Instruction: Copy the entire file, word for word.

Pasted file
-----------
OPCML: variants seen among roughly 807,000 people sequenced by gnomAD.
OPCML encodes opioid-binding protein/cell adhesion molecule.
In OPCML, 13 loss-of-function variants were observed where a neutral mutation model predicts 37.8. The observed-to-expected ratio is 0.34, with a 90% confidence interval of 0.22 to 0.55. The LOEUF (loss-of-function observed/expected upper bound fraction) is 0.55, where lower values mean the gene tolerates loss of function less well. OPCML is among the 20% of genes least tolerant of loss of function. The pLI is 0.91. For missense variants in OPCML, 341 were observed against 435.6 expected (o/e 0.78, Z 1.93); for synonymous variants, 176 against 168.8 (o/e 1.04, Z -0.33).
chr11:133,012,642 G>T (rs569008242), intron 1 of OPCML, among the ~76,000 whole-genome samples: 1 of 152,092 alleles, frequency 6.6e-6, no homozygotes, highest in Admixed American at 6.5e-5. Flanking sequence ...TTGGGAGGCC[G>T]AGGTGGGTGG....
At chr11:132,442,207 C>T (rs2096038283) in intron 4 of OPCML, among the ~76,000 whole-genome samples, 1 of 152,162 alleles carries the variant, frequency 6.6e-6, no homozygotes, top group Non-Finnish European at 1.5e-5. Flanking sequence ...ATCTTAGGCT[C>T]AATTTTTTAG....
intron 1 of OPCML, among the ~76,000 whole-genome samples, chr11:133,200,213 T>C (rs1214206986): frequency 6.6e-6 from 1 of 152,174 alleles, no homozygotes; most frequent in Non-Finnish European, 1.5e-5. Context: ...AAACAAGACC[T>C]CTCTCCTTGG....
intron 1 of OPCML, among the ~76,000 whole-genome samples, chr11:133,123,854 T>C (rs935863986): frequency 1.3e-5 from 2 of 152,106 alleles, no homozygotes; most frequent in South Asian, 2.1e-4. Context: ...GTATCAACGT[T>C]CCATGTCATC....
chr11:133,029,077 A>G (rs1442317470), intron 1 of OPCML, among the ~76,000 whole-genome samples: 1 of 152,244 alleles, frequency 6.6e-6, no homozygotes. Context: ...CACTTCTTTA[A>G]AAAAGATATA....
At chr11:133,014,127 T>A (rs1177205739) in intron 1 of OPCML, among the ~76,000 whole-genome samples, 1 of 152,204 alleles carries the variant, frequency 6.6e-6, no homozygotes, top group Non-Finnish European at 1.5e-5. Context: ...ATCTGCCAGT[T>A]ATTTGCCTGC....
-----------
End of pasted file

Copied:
OPCML: variants seen among roughly 807,000 people sequenced by gnomAD.
OPCML encodes opioid-binding protein/cell adhesion molecule.
In OPCML, 13 loss-of-function variants were observed where a neutral mutation model predicts 37.8. The observed-to-expected ratio is 0.34, with a 90% confidence interval of 0.22 to 0.55. The LOEUF (loss-of-function observed/expected upper bound fraction) is 0.55, where lower values mean the gene tolerates loss of function less well. OPCML is among the 20% of genes least tolerant of loss of function. The pLI is 0.91. For missense variants in OPCML, 341 were observed against 435.6 expected (o/e 0.78, Z 1.93); for synonymous variants, 176 against 168.8 (o/e 1.04, Z -0.33).
chr11:133,012,642 G>T (rs569008242), intron 1 of OPCML, among the ~76,000 whole-genome samples: 1 of 152,092 alleles, frequency 6.6e-6, no homozygotes, highest in Admixed American at 6.5e-5. Flanking sequence ...TTGGGAGGCC[G>T]AGGTGGGTGG....
At chr11:132,442,207 C>T (rs2096038283) in intron 4 of OPCML, among the ~76,000 whole-genome samples, 1 of 152,162 alleles carries the variant, frequency 6.6e-6, no homozygotes, top group Non-Finnish European at 1.5e-5. Flanking sequence ...ATCTTAGGCT[C>T]AATTTTTTAG....
intron 1 of OPCML, among the ~76,000 whole-genome samples, chr11:133,200,213 T>C (rs1214206986): frequency 6.6e-6 from 1 of 152,174 alleles, no homozygotes; most frequent in Non-Finnish European, 1.5e-5. Context: ...AAACAAGACC[T>C]CTCTCCTTGG....
intron 1 of OPCML, among the ~76,000 whole-genome samples, chr11:133,123,854 T>C (rs935863986): frequency 1.3e-5 from 2 of 152,106 alleles, no homozygotes; most frequent in South Asian, 2.1e-4. Context: ...GTATCAACGT[T>C]CCATGTCATC....
chr11:133,029,077 A>G (rs1442317470), intron 1 of OPCML, among the ~76,000 whole-genome samples: 1 of 152,244 alleles, frequency 6.6e-6, no homozygotes. Context: ...CACTTCTTTA[A>G]AAAAGATATA....
At chr11:133,014,127 T>A (rs1177205739) in intron 1 of OPCML, among the ~76,000 whole-genome samples, 1 of 152,204 alleles carries the variant, frequency 6.6e-6, no homozygotes, top group Non-Finnish European at 1.5e-5. Context: ...ATCTGCCAGT[T>A]ATTTGCCTGC....